“Goodlife” is a much more substantial tale and not just because it’s a novelette. One of three humans is dying when they are captured by a Berserker who has raised a captive human, known as (an example of) Goodlife. That human brutally finishes off the dying man and the other two are brought aboard the Berserker vessel. The man, Hemphill, has a bomb but is holding off until he can use it for maximum effect. The “nature vs. nurture” elements aren’t bad and the depiction of the Berserker vessel is excellent but Maria, the female prisoner, is a bit too sentimental without sufficient motivation. The stark and dark conflict in which suicide bombing seems like a decent plan made me think of some Baxter stories, such as the Silver Ghost tales.
While positioned third in the book, “Patron of the Arts” was actually the sixth published. It’s a very effective look at Piers Herron, an artist who is jaded past the point of most mere mortals, which produces interesting results when he’s captured by machines making war on life. The only problem here is that the theme may a bit too explicit at the end.
“The Peacemaker” (originally flipped around with the title “The Life Hater”) involves the murderous machines, as usual, but also with a seemingly insanely naive man who wants to negotiate a peace with them. This is less aesthetically significant than the previous two, settling for a decently presented ironic result.
More than even “Without a Thought” or “Goodlife” (which are stories with combat elements) “Stone Place” is the first clearly “military SF” tale. With nearly twice the length of any other story in the book and multiple aspects (including bringing Hemphill back from “Goodlife” for a minor role), it’s also one of the more ambitious tales. It mainly tackles the “Great Man” concept and the power of belief as well as detailing some internal conflicts in the Solar System which manifest even under Berserker threat. It also throws in a difficulty with a woman who’s been reprogrammed by the Berserkers to reject the leader she’d been betrothed to and who, instead, jumps into the arms of his lieutenant. This later part could have been mined for some powerful effects but wasn’t especially convincing. I also wasn’t convinced by certain gung-ho aspects which aim for the adrenalized thrill of approaching combat but which plummet into bathos. (After one man is skinned by the machines, humans yell “Death to the flayers!” and the narrative voice observes: “The shout ran like a flame through the corridor.”) Finally, there is one moment where the narrative voice also observes: “Now for a time the fight would be computer against computer, faithful slave of life against outlaw, neither caring, neither knowing,” which begs the question why humans present themselves to the Berserkers for combat at all. Still, the story does generally move along and provides some food for thought.
“What T and I Did” returns to a much smaller tale, but brings back “Baltar” (here called both “T” and “Thad” and ensconced as human leader of several prisoners in a Berserker ship after the battle of the last story) in an interesting little psychodrama involving the minds of a traitor. In its dark psychological focus, it’s akin to “Patron of the Arts” (which comes right after it in the original order of publication).
“Mr. Jester” is a bizarre bit of inconsistency, dealing with a light-hearted man rebelling against the very serious government of an isolated planet with the help of an improperly repaired Berserker which he’s been able to turn into a comic assistant. Perhaps one could applaud the reach of a series which includes genocidal machines and humor and perhaps this coincidental riff on “‘Repent, Harlequin!’ Said the Ticktockman” (published by Pohl a month earlier) would have worked in the abstract but it seems out of place in this book.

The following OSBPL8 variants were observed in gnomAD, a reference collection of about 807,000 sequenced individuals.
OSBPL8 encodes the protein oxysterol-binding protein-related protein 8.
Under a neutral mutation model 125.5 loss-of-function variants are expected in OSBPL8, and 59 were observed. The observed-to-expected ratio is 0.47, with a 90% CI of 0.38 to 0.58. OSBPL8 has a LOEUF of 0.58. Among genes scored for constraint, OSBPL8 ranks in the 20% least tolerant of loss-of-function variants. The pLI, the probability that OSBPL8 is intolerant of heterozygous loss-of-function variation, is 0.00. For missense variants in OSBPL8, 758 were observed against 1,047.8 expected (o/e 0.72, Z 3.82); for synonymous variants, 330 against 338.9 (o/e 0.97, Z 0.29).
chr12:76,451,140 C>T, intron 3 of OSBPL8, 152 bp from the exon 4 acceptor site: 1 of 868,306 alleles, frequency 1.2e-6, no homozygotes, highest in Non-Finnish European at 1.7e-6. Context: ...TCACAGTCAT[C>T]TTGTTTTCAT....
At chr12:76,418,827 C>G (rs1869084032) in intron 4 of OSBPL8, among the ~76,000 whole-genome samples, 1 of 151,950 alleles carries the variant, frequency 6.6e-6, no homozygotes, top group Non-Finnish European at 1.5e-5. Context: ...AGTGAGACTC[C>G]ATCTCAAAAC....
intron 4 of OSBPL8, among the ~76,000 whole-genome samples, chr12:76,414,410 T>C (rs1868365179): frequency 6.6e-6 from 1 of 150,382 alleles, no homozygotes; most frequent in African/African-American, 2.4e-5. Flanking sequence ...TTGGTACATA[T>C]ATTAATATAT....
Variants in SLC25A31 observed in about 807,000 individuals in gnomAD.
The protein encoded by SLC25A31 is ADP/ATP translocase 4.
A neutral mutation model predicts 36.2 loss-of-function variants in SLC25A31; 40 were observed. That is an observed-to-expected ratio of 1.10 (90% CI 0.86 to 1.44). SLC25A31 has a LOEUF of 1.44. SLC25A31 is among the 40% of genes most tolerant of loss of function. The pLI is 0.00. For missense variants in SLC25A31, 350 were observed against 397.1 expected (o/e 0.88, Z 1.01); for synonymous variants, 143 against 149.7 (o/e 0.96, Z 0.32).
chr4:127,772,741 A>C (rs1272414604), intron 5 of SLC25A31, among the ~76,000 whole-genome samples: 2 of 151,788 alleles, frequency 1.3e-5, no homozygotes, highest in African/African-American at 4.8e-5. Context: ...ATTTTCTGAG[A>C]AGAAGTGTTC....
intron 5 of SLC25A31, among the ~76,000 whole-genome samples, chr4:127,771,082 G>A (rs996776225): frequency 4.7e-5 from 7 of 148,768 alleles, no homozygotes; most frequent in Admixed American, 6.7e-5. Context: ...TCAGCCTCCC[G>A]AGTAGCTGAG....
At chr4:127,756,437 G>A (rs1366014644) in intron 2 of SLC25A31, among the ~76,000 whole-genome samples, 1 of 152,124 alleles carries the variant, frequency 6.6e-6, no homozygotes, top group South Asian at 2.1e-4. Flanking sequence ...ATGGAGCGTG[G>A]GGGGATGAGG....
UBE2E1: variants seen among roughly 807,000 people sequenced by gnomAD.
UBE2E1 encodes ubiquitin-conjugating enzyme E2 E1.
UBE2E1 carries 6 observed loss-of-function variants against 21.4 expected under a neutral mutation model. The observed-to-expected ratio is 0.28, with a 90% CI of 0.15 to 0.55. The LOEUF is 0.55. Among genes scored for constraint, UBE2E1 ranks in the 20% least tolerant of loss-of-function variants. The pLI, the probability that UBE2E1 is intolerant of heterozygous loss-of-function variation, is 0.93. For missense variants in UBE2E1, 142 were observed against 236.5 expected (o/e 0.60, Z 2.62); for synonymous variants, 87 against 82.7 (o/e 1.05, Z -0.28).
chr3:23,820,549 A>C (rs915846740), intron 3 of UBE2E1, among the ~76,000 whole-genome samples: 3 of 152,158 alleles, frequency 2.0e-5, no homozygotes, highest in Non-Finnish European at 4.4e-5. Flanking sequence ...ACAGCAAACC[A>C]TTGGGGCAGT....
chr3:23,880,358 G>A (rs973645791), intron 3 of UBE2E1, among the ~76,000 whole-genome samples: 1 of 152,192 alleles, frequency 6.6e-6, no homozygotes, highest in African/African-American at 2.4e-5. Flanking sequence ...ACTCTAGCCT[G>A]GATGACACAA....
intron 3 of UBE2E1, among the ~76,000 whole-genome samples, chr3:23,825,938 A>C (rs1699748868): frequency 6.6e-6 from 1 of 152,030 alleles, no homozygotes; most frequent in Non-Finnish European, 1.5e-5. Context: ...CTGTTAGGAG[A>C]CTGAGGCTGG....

Poe! “The Masque of the Red Shift” slams things back into grim violence. Felipe Nogara has become emperor of humanity but perceives his half-brother, Johann Karlsen (featured in “Stone Place”), as a threat, so has frozen him (though not in carbonite) and told the galaxy he’s died of plague. The Berserkers also see Karlsen as a threat to them and want to confirm his death so, when a defeated and brainwashed rebel warrior and his sister are transferred to Nogara’s ship full of decadent revelers orbiting a “hypermassive sun,” they insert themselves in a most morbid and violent way. A very effective and exciting tale, albeit a bit conventionally puritanical.
“Sign of the Wolf” is a sort of cute tale about a rustic shepherd on a planet that’s lost knowledge of its technological background stumbling into a situation in which a planetary defense computer wants authorization to defend against an attacking Berserker and he wants a god to help him destroy a wolf who’s slowly making off with his flock. The shepherd seems to not mind an inconsistency in the conclusion as much as I do, but it’s not a bad tale.
“In the Temple of Mars” carries on the main story, with Hemphill (now an admiral) and a captain from “Stone Place” (now a journalist) taking a replacement vessel to Nogara but with the plan to divert and rescue an important person. Unfortunately, a group of secret police have turned to berserker-worshiping and a prisoner (now on the loose) has been brainwashed by them to kill Hemphill so that they can take the ship for their own purposes. The use of the female character is weak (as usual) and made worse by a rather ham-handed “Mars vs. Venus” motif (using Chaucer) but the story otherwise moves along at a good clip and holds attention (as usual).
I can’t get into “The Face of the Deep” at all without spoilers, really, so I’ll just say that it is in the main storyline and cleverly wraps up the volume with a nicely staged insight into human nature.